Friday, September 24, 2010

Sleeping in a Public John

I awoke to find myself curled up on the floor, lights shining in my eyes, the underside of a porcelain throne as my bedmate. I was sleeping in a public toilet. A crapper. A john.

It ran through my head that I could do something with this experience if I happened to be a country western song writer. But, where is the romance? I hadn't been sitting in a bar, drinking off the loss of some man who'd done me wrong. I hadn't even been in a bar drinking what is supposed to be a horrible Newfoundland Rum called Screech, kissing a very old cod. At least with that I'd have been dubbed an honorary Newfoundlander.

Do they write songs about 55 year old women who head off with a Newfoundland Dog in a Subaru to photograph and write? Better an old musician with a pick-up truck, a beat up guitar and a hound dog, I suspect. But then, you need to be in jail, not a campground.

So, has the the journey hit an all-time low when waking to the sight of a crapper in a public john?

Our life on the road was taking on a rhythm. Drive, photograph, camp, get wet, spend a day drying out, then start over again. You can increase the tent flooding experience by tossing in a 100 pound dog that likes to sleep on her back, leaning against the backside of the tent. Count on a pool of at least 4" of water in her corner following a few hours of that. Even without her help, I was waking up many mornings to a wet pillow and sleeping bag.

Arayo and I had spent the day driving my favorite piece of Newfoundland. A stretch of road along the southwest shore. The clouds were building and forecasters were predicting 3 or more days of rain. I looked at the forecast for Nova Scotia and decided that God was giving me a nudge to help me leave the island.

I called to book a ferry which a few hours ago had plenty of space available. Apparently God was speaking to a few others as well, and they were faster to pick up on the message. The ferry was booked. I'd have to do one more night in rainy Newfoundland.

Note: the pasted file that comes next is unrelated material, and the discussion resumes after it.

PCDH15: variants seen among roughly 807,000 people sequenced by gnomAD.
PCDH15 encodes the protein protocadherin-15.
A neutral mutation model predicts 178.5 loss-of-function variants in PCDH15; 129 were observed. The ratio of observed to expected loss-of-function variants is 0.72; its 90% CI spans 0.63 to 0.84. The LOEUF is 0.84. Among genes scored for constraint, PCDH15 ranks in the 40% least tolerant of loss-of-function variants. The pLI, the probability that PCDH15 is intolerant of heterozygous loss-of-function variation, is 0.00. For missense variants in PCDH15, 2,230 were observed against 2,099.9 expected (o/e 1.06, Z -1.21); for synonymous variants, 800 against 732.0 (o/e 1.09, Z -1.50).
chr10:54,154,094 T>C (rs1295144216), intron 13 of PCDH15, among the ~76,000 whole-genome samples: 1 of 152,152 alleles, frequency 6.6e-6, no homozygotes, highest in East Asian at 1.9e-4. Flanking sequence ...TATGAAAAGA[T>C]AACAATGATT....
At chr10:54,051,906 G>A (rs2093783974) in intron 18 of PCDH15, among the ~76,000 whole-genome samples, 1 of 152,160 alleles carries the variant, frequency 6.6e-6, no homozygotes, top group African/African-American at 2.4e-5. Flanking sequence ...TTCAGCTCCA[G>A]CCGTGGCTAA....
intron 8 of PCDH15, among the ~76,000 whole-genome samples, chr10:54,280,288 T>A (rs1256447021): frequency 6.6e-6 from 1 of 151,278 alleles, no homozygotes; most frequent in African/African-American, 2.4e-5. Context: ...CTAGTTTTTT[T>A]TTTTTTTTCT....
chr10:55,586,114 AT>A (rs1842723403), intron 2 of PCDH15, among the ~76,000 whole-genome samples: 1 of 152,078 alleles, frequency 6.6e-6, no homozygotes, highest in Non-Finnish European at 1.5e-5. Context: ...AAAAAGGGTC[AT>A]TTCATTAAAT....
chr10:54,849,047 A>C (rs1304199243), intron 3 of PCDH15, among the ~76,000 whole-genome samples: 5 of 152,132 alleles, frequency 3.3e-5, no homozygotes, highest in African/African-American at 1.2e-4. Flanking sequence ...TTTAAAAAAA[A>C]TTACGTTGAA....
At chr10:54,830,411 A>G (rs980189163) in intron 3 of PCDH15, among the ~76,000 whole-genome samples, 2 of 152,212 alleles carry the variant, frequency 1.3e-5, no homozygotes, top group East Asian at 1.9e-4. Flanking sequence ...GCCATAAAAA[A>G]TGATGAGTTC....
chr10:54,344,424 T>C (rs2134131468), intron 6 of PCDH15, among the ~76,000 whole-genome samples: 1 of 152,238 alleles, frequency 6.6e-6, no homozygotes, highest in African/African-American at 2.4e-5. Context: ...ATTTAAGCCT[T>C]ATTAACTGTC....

By this time rain was beating down on the rock. I spoke with the guys at the Provincial Park and mentioned that half my campsite was already under water. " Perhaps I should move?" "We were just talking about you and thought it was time to move you," the ranger said, explaining that the dry creek behind my tent tended to fill quickly and the road in front of it could accumulate 6" or so of rain. He offered to throw on some rain gear and come help. I tossed on two extremely heavy jackets. Within 10 minutes we'd moved the tent but I was soaked to the bone.

"We may get 60mm of rain tonight," Ranger said. "Oh God….." I responded. (That's roughly 2 1/5 inches for we Americans. A lot of water but sounds even worse in millimeters.)

I was pondering to myself if I could get away with sneaking into the ladies bathroom and just hanging out there for the night. Apparently brilliant minds - or those in survival mode - tend to think alike.

"Why don't you do this. We've got a handicapped toilet. No one staying here is going to need it, so you take your sleeping bag in there, lock the door and no one will bother you." BLESS his heart! Fact is, other than one other couple in an rv, I was the only person in the campsite, period. Certainly the only one crazy enough to sleep in a tent in something like this.

So, while the lights continued to shine in our eyes, a rattling fan hummed and the rain beat down outside. Arayo and I were snug and dry. Though, in a slightly unorthodox sleeping locale at least it would make for a good story to tell.

Photos: After the rain, Arayo is forced to endure one more Newfoundland photo shoot at Cape Ray. And, summer cottages in Newfoundland are often simple but functional and dry. Someone built theirs out of an old bus and built a viewing deck off the back side!

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